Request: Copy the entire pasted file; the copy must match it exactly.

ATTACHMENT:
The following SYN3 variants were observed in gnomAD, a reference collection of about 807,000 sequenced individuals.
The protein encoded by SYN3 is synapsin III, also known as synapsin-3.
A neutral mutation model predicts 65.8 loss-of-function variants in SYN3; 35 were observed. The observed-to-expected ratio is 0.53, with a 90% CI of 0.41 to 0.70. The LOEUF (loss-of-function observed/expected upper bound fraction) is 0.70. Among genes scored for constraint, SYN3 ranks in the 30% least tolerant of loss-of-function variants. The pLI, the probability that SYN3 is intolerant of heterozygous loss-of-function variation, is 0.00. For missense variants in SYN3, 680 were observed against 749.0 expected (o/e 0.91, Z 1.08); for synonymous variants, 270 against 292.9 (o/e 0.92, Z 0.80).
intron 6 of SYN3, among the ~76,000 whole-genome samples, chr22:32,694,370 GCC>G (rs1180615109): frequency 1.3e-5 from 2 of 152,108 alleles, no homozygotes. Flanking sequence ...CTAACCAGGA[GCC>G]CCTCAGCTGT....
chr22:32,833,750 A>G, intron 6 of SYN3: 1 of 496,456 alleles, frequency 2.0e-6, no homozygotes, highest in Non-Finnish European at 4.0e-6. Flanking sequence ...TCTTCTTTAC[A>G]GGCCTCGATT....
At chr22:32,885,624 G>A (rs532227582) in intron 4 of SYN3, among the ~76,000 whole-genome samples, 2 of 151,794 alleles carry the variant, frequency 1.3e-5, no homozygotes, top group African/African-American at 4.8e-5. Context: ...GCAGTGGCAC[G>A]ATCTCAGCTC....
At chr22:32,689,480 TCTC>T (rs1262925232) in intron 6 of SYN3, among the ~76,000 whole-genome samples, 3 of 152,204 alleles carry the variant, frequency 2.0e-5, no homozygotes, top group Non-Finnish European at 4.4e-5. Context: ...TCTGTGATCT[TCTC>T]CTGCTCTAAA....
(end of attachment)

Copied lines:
The following SYN3 variants were observed in gnomAD, a reference collection of about 807,000 sequenced individuals.
The protein encoded by SYN3 is synapsin III, also known as synapsin-3.
A neutral mutation model predicts 65.8 loss-of-function variants in SYN3; 35 were observed. The observed-to-expected ratio is 0.53, with a 90% CI of 0.41 to 0.70. The LOEUF (loss-of-function observed/expected upper bound fraction) is 0.70. Among genes scored for constraint, SYN3 ranks in the 30% least tolerant of loss-of-function variants. The pLI, the probability that SYN3 is intolerant of heterozygous loss-of-function variation, is 0.00. For missense variants in SYN3, 680 were observed against 749.0 expected (o/e 0.91, Z 1.08); for synonymous variants, 270 against 292.9 (o/e 0.92, Z 0.80).
intron 6 of SYN3, among the ~76,000 whole-genome samples, chr22:32,694,370 GCC>G (rs1180615109): frequency 1.3e-5 from 2 of 152,108 alleles, no homozygotes. Flanking sequence ...CTAACCAGGA[GCC>G]CCTCAGCTGT....
chr22:32,833,750 A>G, intron 6 of SYN3: 1 of 496,456 alleles, frequency 2.0e-6, no homozygotes, highest in Non-Finnish European at 4.0e-6. Flanking sequence ...TCTTCTTTAC[A>G]GGCCTCGATT....
At chr22:32,885,624 G>A (rs532227582) in intron 4 of SYN3, among the ~76,000 whole-genome samples, 2 of 151,794 alleles carry the variant, frequency 1.3e-5, no homozygotes, top group African/African-American at 4.8e-5. Context: ...GCAGTGGCAC[G>A]ATCTCAGCTC....
At chr22:32,689,480 TCTC>T (rs1262925232) in intron 6 of SYN3, among the ~76,000 whole-genome samples, 3 of 152,204 alleles carry the variant, frequency 2.0e-5, no homozygotes, top group Non-Finnish European at 4.4e-5. Context: ...TCTGTGATCT[TCTC>T]CTGCTCTAAA....